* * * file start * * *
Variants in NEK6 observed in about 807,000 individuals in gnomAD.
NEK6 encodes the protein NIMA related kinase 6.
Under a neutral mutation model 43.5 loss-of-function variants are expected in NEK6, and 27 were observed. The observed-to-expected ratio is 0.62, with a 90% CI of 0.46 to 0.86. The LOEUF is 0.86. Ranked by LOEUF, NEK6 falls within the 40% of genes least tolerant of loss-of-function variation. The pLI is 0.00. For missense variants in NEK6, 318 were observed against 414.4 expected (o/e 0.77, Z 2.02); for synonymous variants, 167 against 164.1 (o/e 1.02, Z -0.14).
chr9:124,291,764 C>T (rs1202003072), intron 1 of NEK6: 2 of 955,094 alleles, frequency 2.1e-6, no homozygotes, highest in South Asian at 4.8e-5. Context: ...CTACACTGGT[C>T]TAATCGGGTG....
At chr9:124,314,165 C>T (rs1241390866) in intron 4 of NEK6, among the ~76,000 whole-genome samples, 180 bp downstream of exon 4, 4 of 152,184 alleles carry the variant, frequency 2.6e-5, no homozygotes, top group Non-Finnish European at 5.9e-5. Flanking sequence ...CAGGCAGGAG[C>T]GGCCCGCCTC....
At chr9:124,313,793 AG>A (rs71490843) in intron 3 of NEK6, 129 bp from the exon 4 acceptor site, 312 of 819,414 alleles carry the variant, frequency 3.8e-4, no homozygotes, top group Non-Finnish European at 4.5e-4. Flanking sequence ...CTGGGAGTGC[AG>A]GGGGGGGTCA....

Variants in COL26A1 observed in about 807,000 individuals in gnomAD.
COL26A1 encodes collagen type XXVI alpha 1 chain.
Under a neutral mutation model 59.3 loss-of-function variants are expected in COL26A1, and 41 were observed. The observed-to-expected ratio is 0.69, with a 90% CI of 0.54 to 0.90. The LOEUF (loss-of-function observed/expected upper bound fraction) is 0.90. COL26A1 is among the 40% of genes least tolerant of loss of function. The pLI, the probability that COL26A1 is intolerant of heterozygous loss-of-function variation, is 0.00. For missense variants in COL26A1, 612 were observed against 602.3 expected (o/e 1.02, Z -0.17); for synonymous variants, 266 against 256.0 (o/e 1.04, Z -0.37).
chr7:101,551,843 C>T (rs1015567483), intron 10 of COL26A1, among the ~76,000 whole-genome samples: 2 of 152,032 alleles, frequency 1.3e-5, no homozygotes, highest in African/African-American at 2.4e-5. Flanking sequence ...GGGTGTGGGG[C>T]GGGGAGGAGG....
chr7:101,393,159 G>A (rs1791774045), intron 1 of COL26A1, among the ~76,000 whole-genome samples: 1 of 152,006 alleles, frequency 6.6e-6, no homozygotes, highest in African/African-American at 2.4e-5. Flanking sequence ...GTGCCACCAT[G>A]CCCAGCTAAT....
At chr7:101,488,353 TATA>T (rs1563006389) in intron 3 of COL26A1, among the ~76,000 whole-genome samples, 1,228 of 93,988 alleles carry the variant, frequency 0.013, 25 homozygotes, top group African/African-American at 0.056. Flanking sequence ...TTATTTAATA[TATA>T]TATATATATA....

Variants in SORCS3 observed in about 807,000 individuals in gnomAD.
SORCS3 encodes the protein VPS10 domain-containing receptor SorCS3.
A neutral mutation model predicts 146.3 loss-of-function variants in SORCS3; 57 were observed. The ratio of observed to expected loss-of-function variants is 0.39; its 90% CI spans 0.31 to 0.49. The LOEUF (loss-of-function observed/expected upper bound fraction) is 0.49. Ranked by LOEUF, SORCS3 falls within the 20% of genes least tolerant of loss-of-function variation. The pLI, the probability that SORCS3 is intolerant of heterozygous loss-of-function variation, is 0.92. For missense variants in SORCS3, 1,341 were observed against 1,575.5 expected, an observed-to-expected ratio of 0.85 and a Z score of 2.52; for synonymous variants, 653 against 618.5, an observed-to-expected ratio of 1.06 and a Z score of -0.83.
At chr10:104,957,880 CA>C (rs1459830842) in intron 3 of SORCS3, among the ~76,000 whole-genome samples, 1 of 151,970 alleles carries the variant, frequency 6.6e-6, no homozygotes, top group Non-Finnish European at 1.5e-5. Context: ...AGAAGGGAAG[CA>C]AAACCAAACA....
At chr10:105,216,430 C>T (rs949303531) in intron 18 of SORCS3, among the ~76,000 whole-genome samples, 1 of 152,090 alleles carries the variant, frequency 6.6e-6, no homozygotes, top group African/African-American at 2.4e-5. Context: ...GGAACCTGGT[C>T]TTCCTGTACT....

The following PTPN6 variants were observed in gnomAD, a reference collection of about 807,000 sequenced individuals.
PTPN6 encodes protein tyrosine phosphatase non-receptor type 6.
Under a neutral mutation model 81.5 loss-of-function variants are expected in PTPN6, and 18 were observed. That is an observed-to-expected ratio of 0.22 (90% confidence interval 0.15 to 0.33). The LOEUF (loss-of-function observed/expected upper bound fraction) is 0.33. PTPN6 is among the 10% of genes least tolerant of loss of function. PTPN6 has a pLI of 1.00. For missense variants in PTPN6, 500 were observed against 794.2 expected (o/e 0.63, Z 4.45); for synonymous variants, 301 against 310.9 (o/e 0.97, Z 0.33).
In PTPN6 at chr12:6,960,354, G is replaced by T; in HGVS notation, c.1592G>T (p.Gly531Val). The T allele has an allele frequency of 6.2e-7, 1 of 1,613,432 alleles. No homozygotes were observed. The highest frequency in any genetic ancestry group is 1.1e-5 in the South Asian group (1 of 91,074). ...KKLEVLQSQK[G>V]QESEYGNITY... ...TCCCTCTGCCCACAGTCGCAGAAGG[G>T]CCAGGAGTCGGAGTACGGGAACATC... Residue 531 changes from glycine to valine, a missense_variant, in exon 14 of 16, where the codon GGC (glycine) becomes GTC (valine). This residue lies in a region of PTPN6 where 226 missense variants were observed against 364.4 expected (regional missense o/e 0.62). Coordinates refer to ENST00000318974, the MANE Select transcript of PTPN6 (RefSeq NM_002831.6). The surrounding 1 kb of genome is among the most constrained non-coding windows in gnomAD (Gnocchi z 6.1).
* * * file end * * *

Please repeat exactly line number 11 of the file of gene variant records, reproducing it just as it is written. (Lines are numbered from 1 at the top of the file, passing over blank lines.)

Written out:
chr7:101,393,159 G>A (rs1791774045), intron 1 of COL26A1, among the ~76,000 whole-genome samples: 1 of 152,006 alleles, frequency 6.6e-6, no homozygotes, highest in African/African-American at 2.4e-5. Flanking sequence ...GTGCCACCAT[G>A]CCCAGCTAAT....